Burnout Circle Drawing

Burnout Circle Drawing
An attempt to draw a perfect circle on the gallery floor from a burnout on a motorbike.

In Memory of The Original Print Gallery

Watching Daniel Eatock’s ‘Burnout Circle Drawing’ in the Monster Truck Gallery, Temple Bar, it struck me that it was wholly appropriate that this kind of activity would take place in the former Original Print Gallery. The gallery, which has since forsaken the physical world and migrated online, was once an exhibition space and outlet for the artists of the Black Church Print Studio in the building above it and for many other printmakers across the country.

These included some friends of mine, former devotees of that alchemical art, who expressed a dismay bordering on anger when told about Daniel Eatock’s plans for his show in Monster Truck Gallery. They refused to believe that a ‘burnout’ in a gallery space could constitute valid artistic expression. Although they expressed deep suspicions of such a gesture as being brash and pretentious conceptual art, I couldn’t help thinking that they secretly despaired the passing of a space for an embattled practice, a space in which they once exhibited their work.

However on witnessing the spectacle of the burnout on Culture Night, I couldn’t help thinking that, if my friends could forgo the easy prejudice of artistic domain specificity, they would actually find that Eatock’s burnout was consistent with the practice of printmaking; it’s focus on the medium, ‘quality of line’, and somewhat dangerous technique (considering the material involved). After all intaglio printmaking is based on the act of carving through a layer of wax to expose the copper beneath, ready for the hydrochloric acid that etches the mark deeper. The quality of the imprinted line is both the product of the hand that lays it down, and the interaction of the various media of wax, copper, acid, ink and paper. The circle etched into the gallery floor by a one thousand cc motorcycle, created by the combined interaction of; stunt driver, the somewhat dangerous technology in his hands, the quality of the exposed concrete and the bitumen like rubber residue left in its wake, makes for a suitable tribute to The Original Print Gallery.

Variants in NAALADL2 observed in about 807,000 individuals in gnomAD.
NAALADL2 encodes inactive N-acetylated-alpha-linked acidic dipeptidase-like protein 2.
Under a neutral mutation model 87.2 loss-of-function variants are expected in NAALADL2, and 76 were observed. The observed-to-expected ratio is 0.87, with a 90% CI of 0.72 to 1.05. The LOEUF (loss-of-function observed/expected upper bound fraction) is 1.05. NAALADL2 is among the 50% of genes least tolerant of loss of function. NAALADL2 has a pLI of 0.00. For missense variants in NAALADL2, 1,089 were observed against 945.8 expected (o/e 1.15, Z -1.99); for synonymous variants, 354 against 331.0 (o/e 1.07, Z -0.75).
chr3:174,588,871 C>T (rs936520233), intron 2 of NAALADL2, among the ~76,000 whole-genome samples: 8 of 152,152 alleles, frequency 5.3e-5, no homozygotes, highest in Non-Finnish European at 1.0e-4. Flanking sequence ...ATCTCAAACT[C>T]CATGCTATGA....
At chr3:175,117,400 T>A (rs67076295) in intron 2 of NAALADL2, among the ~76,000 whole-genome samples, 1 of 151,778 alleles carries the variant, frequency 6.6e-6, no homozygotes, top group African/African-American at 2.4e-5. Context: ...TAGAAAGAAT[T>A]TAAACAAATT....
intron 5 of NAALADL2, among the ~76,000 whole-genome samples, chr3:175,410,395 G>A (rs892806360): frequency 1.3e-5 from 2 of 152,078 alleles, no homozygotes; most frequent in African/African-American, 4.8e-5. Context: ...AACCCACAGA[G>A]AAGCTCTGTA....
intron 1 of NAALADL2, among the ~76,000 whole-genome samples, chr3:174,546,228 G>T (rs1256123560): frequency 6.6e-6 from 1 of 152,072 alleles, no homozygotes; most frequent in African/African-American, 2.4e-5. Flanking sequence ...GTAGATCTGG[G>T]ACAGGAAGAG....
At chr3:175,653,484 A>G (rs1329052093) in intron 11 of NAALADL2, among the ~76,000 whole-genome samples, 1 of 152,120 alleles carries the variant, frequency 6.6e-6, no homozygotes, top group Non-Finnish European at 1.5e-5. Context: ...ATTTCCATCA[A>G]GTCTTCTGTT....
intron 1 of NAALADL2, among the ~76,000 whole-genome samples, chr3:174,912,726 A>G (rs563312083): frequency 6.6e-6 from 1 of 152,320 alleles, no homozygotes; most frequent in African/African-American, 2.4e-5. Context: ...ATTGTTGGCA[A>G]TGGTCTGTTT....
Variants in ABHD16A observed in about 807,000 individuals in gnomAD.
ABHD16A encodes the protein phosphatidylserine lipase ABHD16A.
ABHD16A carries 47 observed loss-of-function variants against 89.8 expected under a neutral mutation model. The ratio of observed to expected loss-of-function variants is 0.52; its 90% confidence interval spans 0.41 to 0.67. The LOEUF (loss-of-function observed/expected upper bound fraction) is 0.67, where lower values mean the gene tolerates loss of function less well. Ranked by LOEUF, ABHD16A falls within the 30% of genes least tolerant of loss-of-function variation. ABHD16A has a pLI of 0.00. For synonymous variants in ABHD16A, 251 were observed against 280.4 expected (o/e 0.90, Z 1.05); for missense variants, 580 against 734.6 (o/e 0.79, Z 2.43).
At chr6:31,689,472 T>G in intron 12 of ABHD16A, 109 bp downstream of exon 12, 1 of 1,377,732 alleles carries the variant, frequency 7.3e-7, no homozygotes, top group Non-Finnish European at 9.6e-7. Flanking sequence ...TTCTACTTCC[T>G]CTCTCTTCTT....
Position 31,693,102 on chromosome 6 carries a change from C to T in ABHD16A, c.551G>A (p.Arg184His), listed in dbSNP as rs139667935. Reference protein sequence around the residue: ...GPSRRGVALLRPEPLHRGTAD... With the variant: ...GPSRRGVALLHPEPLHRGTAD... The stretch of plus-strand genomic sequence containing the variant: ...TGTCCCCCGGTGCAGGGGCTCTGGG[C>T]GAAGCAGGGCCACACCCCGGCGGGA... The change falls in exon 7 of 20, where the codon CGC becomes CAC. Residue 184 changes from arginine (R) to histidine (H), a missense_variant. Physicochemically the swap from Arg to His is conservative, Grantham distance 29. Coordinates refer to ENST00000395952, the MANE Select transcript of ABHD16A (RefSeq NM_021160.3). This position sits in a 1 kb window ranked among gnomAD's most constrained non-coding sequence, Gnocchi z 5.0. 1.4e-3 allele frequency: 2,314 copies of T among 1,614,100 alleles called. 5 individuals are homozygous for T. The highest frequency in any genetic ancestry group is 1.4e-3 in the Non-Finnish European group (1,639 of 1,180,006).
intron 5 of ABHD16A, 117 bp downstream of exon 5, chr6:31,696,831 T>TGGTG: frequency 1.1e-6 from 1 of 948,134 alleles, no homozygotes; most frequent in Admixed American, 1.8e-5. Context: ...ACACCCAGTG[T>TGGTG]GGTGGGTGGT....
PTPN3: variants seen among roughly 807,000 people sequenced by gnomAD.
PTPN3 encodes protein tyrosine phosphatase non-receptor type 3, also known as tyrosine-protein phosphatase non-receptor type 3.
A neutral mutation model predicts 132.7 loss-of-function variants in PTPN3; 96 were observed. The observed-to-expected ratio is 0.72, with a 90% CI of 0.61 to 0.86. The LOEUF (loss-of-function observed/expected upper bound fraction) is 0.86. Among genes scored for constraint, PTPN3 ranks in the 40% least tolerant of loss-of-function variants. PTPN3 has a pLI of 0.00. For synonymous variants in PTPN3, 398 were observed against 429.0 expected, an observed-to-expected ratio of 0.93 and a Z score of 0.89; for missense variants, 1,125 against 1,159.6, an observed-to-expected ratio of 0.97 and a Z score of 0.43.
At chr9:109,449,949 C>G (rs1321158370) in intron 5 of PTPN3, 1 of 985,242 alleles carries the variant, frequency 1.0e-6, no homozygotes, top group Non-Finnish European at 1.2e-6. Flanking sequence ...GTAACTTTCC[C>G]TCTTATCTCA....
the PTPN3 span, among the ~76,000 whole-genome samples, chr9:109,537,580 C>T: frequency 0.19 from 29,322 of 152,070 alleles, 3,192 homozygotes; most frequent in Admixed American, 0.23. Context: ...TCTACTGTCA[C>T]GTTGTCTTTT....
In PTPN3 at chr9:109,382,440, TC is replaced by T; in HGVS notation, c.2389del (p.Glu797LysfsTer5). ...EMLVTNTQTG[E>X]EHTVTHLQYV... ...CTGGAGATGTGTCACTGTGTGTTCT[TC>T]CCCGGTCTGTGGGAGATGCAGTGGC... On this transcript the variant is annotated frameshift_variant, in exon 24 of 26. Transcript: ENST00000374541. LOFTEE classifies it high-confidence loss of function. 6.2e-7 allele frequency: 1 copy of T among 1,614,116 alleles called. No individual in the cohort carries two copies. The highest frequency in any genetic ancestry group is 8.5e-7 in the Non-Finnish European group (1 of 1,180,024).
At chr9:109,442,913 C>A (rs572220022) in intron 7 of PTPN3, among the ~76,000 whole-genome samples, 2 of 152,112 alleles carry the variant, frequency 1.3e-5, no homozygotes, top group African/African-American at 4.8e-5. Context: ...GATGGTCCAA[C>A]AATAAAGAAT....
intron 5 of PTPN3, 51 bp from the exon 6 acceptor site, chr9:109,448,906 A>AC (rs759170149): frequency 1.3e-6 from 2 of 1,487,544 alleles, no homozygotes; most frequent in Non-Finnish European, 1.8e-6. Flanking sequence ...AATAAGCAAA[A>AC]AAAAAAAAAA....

John Buckley, recalcitrant printmaker